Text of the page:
In the wake of Serbia's school shooting, resounding calls for change: Reporter's notebook
There was shock, there was grief. Some crossed themselves. Most stood in a stunned, quiet contemplation.
People lit candles, they laid crisp white lilies around a tree in and in a public square. Parents placed their dead child's favorite candy bars at a makeshift shrine as molten candle wax trickled and dried down the sidewalk.
But for Serbs, there was nothing familiar about this other than an echo of what they had seen play out elsewhere, mostly in the United States.
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A 13-year-old student entered his school in the capital Belgrade at 8:40 a.m. Wednesday morning and began shooting.
Eight students -- all children -- and a security guard were among those killed. Six other students, as well as a teacher were injured and taken to a local hospital, police said. The suspect is in custody, and police said he has confessed to the crimes.
It was the first ever school shooting in the country.
And within hours, there were decisive moves to legislate to control gun ownership, and even how to prosecute those responsible for gun crimes when they are so young.
Serbian President Aleksandar Vučić took to the air to announce 10 major proposals.
Among them, the Serbian president proposed a two-year moratorium on firearms licenses and additional checks on those who already own them.
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Furthermore, there are proposals that shooting ranges will be under increased scrutiny on how they operate and will be banned for minors and ex-convicts. There are 765,000 guns registered in the country, including 232,310 pistols and revolvers, according to Vučić.
While not all will pass, the response from the citizens of Serbia is overwhelming. The status quo is unacceptable. Things must change and quickly. Other countries have shown it's possible.
After the Parkland school shooting in Florida in 2018 that left 14 children and three adults dead, the bereaved parents reportedly received a letter from Dunblane, Scotland.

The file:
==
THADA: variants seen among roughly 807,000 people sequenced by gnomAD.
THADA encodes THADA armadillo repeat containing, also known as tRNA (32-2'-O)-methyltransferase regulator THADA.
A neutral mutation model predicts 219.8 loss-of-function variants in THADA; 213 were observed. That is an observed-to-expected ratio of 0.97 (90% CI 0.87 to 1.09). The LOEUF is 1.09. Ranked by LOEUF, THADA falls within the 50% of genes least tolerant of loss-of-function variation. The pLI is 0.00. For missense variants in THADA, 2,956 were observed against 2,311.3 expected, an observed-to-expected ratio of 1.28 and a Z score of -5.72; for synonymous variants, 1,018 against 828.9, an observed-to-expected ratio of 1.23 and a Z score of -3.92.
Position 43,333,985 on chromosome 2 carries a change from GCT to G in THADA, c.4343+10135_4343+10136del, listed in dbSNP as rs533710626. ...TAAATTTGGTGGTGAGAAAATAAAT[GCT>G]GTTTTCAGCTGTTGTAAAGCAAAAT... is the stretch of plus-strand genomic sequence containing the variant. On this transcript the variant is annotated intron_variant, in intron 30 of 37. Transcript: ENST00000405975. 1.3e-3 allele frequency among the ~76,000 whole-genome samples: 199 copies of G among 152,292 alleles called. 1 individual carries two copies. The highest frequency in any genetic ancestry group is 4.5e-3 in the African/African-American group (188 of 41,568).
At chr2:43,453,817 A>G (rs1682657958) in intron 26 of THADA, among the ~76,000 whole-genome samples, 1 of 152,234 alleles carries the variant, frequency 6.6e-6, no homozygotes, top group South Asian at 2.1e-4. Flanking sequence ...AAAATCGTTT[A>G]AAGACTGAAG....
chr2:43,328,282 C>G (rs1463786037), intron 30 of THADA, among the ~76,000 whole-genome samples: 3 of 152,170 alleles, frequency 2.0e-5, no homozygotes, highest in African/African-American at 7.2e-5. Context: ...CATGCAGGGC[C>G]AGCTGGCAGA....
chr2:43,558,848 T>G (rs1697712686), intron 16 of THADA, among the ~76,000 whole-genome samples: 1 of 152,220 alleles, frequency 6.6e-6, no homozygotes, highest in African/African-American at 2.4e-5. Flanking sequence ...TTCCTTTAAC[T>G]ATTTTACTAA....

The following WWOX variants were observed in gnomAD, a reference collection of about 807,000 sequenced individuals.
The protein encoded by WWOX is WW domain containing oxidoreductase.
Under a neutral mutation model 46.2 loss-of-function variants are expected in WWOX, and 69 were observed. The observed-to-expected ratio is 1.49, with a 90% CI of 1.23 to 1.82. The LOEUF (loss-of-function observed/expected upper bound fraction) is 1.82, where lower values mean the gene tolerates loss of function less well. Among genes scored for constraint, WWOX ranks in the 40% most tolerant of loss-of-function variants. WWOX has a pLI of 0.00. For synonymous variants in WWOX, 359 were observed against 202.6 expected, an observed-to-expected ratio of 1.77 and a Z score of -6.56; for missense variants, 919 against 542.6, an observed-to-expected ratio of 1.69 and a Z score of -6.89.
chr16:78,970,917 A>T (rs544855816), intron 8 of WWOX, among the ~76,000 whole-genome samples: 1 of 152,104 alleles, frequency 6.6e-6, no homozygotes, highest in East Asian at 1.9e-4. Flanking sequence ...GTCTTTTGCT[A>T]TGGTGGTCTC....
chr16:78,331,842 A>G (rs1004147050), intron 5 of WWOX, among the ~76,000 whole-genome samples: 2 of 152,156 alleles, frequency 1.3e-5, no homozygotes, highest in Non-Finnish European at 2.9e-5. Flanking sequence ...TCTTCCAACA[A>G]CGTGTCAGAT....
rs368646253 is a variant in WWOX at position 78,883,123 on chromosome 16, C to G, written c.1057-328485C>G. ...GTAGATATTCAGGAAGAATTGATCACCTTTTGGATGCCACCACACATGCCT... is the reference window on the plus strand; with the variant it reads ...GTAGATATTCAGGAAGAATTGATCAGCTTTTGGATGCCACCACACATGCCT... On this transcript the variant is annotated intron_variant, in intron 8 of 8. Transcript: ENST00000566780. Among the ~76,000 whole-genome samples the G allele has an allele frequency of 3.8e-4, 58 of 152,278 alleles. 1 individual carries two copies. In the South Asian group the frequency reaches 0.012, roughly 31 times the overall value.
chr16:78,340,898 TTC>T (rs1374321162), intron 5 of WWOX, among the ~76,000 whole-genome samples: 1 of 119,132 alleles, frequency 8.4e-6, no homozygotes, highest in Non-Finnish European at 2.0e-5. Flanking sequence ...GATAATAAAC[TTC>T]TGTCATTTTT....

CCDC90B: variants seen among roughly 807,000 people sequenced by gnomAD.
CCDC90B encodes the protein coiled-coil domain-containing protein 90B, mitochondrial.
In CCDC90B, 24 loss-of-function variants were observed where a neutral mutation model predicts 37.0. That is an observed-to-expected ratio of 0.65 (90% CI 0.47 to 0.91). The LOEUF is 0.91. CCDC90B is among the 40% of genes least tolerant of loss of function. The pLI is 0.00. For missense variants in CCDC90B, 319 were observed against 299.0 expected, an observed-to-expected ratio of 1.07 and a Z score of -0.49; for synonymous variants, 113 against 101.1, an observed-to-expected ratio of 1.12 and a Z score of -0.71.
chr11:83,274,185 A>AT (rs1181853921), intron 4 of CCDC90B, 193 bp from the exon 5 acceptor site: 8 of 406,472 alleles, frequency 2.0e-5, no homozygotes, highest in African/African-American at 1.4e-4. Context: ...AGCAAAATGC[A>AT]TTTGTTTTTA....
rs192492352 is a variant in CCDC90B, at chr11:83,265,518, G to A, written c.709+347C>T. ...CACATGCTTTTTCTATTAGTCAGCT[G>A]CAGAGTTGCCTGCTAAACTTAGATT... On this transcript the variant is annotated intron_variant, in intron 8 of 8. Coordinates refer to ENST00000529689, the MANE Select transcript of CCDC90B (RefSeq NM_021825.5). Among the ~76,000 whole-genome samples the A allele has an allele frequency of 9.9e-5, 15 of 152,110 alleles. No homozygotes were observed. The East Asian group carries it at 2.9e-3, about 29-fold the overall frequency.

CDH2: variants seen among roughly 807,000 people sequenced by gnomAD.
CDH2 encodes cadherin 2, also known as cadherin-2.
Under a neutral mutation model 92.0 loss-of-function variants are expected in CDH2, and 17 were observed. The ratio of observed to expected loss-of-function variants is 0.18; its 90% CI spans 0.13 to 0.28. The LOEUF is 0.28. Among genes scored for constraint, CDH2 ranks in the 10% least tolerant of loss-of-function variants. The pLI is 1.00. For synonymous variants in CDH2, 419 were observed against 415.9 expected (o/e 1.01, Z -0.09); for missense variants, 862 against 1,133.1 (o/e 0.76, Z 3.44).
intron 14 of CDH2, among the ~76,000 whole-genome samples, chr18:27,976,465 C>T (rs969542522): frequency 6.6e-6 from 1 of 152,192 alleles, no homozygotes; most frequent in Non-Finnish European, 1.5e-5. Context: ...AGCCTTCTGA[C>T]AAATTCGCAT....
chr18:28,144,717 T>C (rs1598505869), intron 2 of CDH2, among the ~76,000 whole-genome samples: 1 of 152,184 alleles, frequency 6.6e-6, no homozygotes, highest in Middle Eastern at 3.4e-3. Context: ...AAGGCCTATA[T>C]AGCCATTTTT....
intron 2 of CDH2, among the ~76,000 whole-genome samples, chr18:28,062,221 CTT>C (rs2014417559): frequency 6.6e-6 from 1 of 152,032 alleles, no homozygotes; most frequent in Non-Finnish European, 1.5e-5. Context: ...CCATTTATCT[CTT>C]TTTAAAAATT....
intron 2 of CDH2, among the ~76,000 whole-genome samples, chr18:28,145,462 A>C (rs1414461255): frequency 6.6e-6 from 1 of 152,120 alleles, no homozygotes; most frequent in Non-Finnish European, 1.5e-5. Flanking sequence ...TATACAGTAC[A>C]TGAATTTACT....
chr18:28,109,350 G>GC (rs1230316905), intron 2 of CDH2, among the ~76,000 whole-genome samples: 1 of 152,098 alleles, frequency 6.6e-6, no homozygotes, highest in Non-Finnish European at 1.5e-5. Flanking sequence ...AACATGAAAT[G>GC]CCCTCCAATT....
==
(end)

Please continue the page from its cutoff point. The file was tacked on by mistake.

First published in Buzzfeed, the open letter was written by parents who'd experienced a similar massacre 22 years earlier in which 16 kindergarten children were killed. The letter also reportedly laid out a pathway for change for gun control.
"Laws were changed, handguns were banned and the level of gun violence in Britain is now one of the lowest in the world," parents of the 1996 Dunblane massacre wrote. "[T]here have been no more school shootings" in the United Kingdom.
Today, for schools in Britain, business as usual was unacceptable. I remember those days clearly. The mood was decisive.
"This doesn't happen here." Is a phrase you hear.
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The same happened in Australia after the Port Arthur massacre when a 28-year-old gunman went on a rampage, killing 35 people and injuring dozens in 1996.
Today, schools in the country do not teach students what to do if there is an active shooter because it hasn't happened in 27 years.
In Belgrade Wednesday night, we heard the same phrase along similar lines.
"This doesn't happen here."
Fifteen-year-old Djorjes stood around a makeshift memorial in Flower Square in Belgrade Wednesday night with his friends. He was in the school when the shooting happened.
"First we thought it was firecrackers, and then we heard many more shots, then we know it's a pistol firing," Djorjes told ABC News.
Serbia is awash with guns; it has more per person than any other county except the United States, yet this has never happened before.
Djorjes, like so many here, is in disbelief.
From Britain to Australia and now Serbia, It is a phrase you hear after a terrible shooting like this one occurs.
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Then there is decisive action.
Then it doesn't happen.
And when people say, "it doesn't happen here," there is a clear subtext.
It is common in other places.
In reality, only one country is ever mentioned, America.
What amazes Brits, Australians and now Serbs, is how a nation's children can be gunned down and there not be change to try to protect them better.
In the wake of Serbia's school shooting, resounding calls for change: Reporter's notebook originally appeared on abcnews.go.com